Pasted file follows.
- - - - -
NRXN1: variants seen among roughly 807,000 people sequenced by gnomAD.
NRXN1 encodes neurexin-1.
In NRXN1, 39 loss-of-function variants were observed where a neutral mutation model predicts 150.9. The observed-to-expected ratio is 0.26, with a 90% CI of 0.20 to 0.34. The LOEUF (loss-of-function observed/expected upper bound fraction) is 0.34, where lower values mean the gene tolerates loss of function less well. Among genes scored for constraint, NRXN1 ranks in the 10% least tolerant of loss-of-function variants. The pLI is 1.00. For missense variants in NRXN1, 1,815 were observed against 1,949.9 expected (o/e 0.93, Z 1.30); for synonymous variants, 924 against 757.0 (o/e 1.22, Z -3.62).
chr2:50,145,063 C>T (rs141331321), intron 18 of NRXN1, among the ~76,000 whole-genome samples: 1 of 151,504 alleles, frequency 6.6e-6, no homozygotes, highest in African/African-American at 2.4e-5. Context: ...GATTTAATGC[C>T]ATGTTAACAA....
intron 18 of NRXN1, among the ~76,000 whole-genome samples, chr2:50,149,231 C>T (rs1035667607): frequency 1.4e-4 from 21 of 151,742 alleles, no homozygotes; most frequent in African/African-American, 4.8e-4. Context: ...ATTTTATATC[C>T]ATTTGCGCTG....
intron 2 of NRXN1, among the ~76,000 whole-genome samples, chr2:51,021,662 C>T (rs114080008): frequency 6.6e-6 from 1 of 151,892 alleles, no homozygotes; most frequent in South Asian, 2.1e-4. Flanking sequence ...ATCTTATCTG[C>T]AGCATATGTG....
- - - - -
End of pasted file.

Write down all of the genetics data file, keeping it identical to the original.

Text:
NRXN1: variants seen among roughly 807,000 people sequenced by gnomAD.
NRXN1 encodes neurexin-1.
In NRXN1, 39 loss-of-function variants were observed where a neutral mutation model predicts 150.9. The observed-to-expected ratio is 0.26, with a 90% CI of 0.20 to 0.34. The LOEUF (loss-of-function observed/expected upper bound fraction) is 0.34, where lower values mean the gene tolerates loss of function less well. Among genes scored for constraint, NRXN1 ranks in the 10% least tolerant of loss-of-function variants. The pLI is 1.00. For missense variants in NRXN1, 1,815 were observed against 1,949.9 expected (o/e 0.93, Z 1.30); for synonymous variants, 924 against 757.0 (o/e 1.22, Z -3.62).
chr2:50,145,063 C>T (rs141331321), intron 18 of NRXN1, among the ~76,000 whole-genome samples: 1 of 151,504 alleles, frequency 6.6e-6, no homozygotes, highest in African/African-American at 2.4e-5. Context: ...GATTTAATGC[C>T]ATGTTAACAA....
intron 18 of NRXN1, among the ~76,000 whole-genome samples, chr2:50,149,231 C>T (rs1035667607): frequency 1.4e-4 from 21 of 151,742 alleles, no homozygotes; most frequent in African/African-American, 4.8e-4. Context: ...ATTTTATATC[C>T]ATTTGCGCTG....
intron 2 of NRXN1, among the ~76,000 whole-genome samples, chr2:51,021,662 C>T (rs114080008): frequency 6.6e-6 from 1 of 151,892 alleles, no homozygotes; most frequent in South Asian, 2.1e-4. Flanking sequence ...ATCTTATCTG[C>T]AGCATATGTG....